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Being a mother isn't easy, but neither is being a daughter. Having fought, laughed, cried, and loved with a daughter of her own, Tammy Jameson knows all about the difficulties of forging a strong mother-daughter relationship and both coming out more enlightened women at the end of it. Do As I Say, Not As I Do recounts her many colorful memories from motherhood, and using the lessons she learned in each, shares much-needed tips and life advice to mothers and daughters everywhere. From friendship and dating to sex and marriage, general hygiene and healthy living to dream jobs and world travel, these chapters leave no stone unturned. But more importantly, Jameson's blunt spunk leaves no more room for excuses. Her message is straightforward, much like her voice: be there for your daughter, seek to understand your mother, and grow together into independent, loving, hard-working women of class and strength.
“Dear Ashley” is unique, in part, because it is not written from the perspective of the sufferer, the treatment professional or the medical or psychological researcher. Instead, it may be the first time a dad has shared his perspective on his daughter’s eating disorder battle in print, let alone done so in such an engaging, intimate and heart-warming manner. The fact that Don Blackwell offers that perspective, openly and honestly, is one of many reasons parents and young adults are likely to be drawn to the book’s life-affirming message of hope.
A "diverse group of women--from Madeleine Albright to Ruth Bader Ginsburg, from Dr. Susan Love to Whoopi Goldberg and more...reflect on the best advice and counsel they have given their daughters either by example, throughout their lives, or in character-building, teachable moments between parent and child"--Book jacket.
New York Times Bestseller "Julie Lythcott-Haims is a national treasure. . . . A must-read for every parent who senses that there is a healthier and saner way to raise our children." -Madeline Levine, author of the New York Times bestsellers The Price of Privilege and Teach Your Children Well "For parents who want to foster hearty self-reliance instead of hollow self-esteem, How to Raise an Adult is the right book at the right time." -Daniel H. Pink, author of the New York Times bestsellers Drive and A Whole New Mind A provocative manifesto that exposes the harms of helicopter parenting and sets forth an alternate philosophy for raising preteens and teens to self-sufficient young adulthood In How to Raise an Adult, Julie Lythcott-Haims draws on research, on conversations with admissions officers, educators, and employers, and on her own insights as a mother and as a student dean to highlight the ways in which overparenting harms children, their stressed-out parents, and society at large. While empathizing with the parental hopes and, especially, fears that lead to overhelping, Lythcott-Haims offers practical alternative strategies that underline the importance of allowing children to make their own mistakes and develop the resilience, resourcefulness, and inner determination necessary for success. Relevant to parents of toddlers as well as of twentysomethings-and of special value to parents of teens-this book is a rallying cry for those who wish to ensure that the next generation can take charge of their own lives with competence and confidence.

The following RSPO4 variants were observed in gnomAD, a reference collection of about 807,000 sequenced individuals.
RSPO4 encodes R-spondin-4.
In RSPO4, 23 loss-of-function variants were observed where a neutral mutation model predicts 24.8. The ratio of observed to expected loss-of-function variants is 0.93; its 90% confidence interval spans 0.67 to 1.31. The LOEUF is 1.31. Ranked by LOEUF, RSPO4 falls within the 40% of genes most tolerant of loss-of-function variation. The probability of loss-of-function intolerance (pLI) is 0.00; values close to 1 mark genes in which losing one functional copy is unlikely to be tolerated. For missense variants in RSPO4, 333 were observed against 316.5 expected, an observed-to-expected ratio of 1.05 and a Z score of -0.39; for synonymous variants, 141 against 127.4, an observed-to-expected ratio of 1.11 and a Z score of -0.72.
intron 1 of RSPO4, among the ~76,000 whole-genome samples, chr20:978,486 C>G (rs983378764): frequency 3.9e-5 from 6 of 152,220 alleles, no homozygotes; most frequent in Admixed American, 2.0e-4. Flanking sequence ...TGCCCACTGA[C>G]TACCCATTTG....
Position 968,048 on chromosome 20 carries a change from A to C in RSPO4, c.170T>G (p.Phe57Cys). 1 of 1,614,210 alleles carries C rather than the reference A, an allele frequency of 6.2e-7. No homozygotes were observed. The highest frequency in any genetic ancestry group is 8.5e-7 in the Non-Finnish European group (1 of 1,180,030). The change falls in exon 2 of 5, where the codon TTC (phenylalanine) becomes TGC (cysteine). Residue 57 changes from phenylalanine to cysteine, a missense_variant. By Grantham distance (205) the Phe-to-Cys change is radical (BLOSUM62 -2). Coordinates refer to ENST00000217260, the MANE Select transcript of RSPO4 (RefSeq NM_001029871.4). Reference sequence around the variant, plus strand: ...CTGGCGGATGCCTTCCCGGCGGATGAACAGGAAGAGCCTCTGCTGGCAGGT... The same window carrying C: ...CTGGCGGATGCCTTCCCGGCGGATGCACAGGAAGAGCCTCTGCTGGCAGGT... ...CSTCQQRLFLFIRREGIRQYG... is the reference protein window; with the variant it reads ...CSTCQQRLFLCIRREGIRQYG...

Provides advice to teenage girls from women who have attained success in business, politics, sports, and entertainment.
Draws on a renowned gerontologist's extensive discussions with hundreds of senior-aged Americans to reveal wisdom gleaned from their experiences with everything from families and finances to careers and aging, in a lifestyle primer that shares key principles based on the most commonly imparted advice. Reprint. 100,000 first printing.

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